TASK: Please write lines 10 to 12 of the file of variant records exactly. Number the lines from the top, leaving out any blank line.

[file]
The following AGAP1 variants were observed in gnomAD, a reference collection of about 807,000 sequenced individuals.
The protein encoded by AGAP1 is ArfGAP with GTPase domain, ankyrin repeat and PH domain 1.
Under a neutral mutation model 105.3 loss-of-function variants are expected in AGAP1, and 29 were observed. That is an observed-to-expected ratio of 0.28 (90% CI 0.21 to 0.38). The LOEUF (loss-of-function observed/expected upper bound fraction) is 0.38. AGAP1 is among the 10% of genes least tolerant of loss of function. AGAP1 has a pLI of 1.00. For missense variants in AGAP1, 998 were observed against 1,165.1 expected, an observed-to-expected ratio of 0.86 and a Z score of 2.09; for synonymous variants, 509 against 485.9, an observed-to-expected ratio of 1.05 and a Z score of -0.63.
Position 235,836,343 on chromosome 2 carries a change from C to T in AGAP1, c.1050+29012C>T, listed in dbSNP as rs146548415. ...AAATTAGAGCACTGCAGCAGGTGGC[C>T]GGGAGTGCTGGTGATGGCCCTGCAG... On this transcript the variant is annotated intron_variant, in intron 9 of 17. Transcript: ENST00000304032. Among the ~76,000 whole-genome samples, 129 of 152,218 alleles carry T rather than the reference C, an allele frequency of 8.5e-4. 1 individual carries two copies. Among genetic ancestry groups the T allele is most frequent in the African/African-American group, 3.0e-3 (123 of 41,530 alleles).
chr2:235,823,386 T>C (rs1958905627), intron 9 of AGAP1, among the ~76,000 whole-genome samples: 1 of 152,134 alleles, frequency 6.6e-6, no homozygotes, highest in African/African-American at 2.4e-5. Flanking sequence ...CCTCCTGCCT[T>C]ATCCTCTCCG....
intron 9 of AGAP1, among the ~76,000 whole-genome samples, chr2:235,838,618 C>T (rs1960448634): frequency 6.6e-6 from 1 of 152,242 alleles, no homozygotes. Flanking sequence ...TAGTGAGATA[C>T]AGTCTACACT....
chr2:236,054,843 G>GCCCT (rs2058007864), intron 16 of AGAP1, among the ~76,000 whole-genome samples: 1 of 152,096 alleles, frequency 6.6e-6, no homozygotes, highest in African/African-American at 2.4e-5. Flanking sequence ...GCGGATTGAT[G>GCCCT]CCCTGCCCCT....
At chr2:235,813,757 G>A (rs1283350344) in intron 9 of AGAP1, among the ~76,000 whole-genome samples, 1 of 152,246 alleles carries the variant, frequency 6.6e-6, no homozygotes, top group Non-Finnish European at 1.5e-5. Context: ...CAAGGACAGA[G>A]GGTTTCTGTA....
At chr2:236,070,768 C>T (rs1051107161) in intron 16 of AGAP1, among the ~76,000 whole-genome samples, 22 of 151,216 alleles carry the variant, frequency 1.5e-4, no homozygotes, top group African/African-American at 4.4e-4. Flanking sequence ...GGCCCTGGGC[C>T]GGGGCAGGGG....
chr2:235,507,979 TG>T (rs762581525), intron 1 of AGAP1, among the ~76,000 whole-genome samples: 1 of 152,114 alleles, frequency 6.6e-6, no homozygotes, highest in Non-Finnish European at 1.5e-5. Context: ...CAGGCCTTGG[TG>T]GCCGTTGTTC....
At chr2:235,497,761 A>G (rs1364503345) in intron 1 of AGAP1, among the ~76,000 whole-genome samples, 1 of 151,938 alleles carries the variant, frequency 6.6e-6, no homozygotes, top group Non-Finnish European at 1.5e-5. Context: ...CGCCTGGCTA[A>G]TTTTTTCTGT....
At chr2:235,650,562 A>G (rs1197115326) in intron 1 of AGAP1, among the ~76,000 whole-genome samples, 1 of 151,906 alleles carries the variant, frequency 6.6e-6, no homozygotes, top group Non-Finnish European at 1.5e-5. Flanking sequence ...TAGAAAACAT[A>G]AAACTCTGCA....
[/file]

chr2:235,507,979 TG>T (rs762581525), intron 1 of AGAP1, among the ~76,000 whole-genome samples: 1 of 152,114 alleles, frequency 6.6e-6, no homozygotes, highest in Non-Finnish European at 1.5e-5. Context: ...CAGGCCTTGG[TG>T]GCCGTTGTTC....
At chr2:235,497,761 A>G (rs1364503345) in intron 1 of AGAP1, among the ~76,000 whole-genome samples, 1 of 151,938 alleles carries the variant, frequency 6.6e-6, no homozygotes, top group Non-Finnish European at 1.5e-5. Context: ...CGCCTGGCTA[A>G]TTTTTTCTGT....
At chr2:235,650,562 A>G (rs1197115326) in intron 1 of AGAP1, among the ~76,000 whole-genome samples, 1 of 151,906 alleles carries the variant, frequency 6.6e-6, no homozygotes, top group Non-Finnish European at 1.5e-5. Flanking sequence ...TAGAAAACAT[A>G]AAACTCTGCA....